Part two with Gloria Mogollon goes al dente, as we inquire about desserts, beach houses and Franco's whereabouts. Get ready for a hearty recipe tomorrow. For now, have a helping of part one. [Editor's Note: And be sure to utilize that 10 percent student discount. Isn't Pepperdine across the street?]
Hardest lesson you've learned:
Pots just out of the oven are extremely hot and dangerous. On a busy day, I had removed a pot from the oven and placed it on the range. I was so busy preparing pasta dishes, I forgot it was just out of the oven and hot. I grabbed it with both hands to move it and badly burned both my hands. It was a busy day, so I had to bite my lip and make it through the lunch service before going to the hospital to treat my burns.
What would your last meal on Earth be?
Tortada hatas, which is a cake dessert native to my hometown in Colombia.
Who's your hero, culinary or otherwise?
I love Anthony Bourdain. He's fearless and not afraid to taste anything — very adventurous!
Tell us about your food-service-industry background.
I originally learned how to cook from my mother when I was 10 years old. I would follow her in the kitchen with a notebook, taking detailed notes about everything she did. I also took classes at the Culinary Institute in Bucaramanga, Columbia.
I always liked Italian food, and my mother-in-law is Italian. I learned basic Italian from her. I met Franco here in Irvine when visiting his restaurant one time. We became friends and began cooking together. He would come to my house or I would go to his house to cook pasta and other Italian dishes. He really taught me a lot.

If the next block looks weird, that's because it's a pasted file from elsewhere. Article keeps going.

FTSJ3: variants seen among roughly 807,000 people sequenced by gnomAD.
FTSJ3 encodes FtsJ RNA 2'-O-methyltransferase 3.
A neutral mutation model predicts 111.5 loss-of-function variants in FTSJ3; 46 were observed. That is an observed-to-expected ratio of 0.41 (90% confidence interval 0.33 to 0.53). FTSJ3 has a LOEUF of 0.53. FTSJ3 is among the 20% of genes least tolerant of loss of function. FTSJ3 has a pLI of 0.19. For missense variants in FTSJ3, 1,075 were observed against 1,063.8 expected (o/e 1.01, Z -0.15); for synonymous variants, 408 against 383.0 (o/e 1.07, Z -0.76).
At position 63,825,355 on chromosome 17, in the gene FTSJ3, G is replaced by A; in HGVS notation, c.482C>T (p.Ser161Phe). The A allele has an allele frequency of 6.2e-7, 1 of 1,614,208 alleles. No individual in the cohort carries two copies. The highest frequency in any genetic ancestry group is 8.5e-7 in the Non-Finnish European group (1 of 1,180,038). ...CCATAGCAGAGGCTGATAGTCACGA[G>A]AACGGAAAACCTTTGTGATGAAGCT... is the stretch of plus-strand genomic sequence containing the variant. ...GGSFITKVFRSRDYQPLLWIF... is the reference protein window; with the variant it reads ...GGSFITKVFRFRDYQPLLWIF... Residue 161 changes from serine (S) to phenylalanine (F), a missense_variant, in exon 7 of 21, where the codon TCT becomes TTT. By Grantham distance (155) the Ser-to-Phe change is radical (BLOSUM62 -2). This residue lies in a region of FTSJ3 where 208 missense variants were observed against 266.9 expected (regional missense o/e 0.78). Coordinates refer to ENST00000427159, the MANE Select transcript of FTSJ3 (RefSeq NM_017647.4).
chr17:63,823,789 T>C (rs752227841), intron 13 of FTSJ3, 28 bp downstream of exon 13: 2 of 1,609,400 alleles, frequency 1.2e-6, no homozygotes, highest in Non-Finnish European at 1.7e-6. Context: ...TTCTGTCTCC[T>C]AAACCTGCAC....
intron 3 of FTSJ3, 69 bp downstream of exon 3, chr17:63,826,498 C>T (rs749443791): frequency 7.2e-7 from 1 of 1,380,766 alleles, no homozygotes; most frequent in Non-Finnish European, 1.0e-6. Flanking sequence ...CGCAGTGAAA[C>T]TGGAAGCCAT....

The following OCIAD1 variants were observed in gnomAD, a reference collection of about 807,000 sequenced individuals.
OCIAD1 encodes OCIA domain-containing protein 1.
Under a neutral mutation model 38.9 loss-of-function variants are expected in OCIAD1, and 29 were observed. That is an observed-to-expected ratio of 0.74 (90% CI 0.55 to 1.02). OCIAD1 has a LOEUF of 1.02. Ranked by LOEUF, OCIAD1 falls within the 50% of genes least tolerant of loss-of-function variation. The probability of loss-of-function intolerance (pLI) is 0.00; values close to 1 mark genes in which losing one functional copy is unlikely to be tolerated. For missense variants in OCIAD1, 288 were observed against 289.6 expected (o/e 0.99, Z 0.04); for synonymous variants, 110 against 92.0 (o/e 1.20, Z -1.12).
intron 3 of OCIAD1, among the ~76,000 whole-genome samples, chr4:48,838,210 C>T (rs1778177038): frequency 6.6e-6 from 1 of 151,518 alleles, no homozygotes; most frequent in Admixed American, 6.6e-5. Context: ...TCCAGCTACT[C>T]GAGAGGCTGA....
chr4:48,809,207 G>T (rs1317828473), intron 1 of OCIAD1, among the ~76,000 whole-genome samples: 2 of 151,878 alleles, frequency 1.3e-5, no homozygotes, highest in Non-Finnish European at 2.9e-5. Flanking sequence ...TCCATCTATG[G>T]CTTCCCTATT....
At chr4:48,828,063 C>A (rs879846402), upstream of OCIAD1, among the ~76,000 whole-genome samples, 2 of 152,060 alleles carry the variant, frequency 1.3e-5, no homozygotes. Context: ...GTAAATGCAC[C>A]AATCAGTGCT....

Where are you from, and how did you end up in Orange County?
I'm originally from Bucaramanga, Columbia. My husband's job brought us to Orange County.
What happened to Franco?
Franco is retired and enjoying life in Italy. We remain friends and are in touch. When he visits OC, he drops into the restaurant and we cook together.
Tell us the secret to a perfect plate of pasta.
Well, I can tell you the key is the sauce, as well as cooking the pasta al dente. To learn more, visit Franco's for lunch sometime.
What kinds of updates did you make to the menu?
I've added a number of dishes, expanding upon the pasta dishes. This includes chicken Parmesan, chicken marsala, beef burgundy and some others. I've added salad to lunch. We've also been serving desserts on Tuesday, which are free with the coupon that can be downloaded from our website, www.francospasta.com.
If you had to choose, what sweet do you prefer: ice cream, gelato or frozen yogurt?
The coconut-flavored frozen yogurt from Yogurtland.
What dish would you tell newcomers to Franco's Pasta Cucina to try first?
First would be bowtie chicken pesto. Second, I'd recommend returning on a Thursday for chicken Parmesan.
What would you be doing if you weren't in this business?
I'd be a veterinarian. I love animals, but there were no careers in this field in my hometown when I was growing up, and my father advised me against it.
What advice do you have for those who might be thinking about a career in food?
Be prepared to work hard. This is not an easy business, and it's very competitive. You must truly have a passion for it. If you, indeed, have a passion for food, then be persistent.
What do you see yourself doing in five years? Ten years?
In five years, I'd like to have a small, cozy Italian restaurant here in Orange County. In 10 years, I'd like to be cooking for my family and friends in a beach house in Florida.
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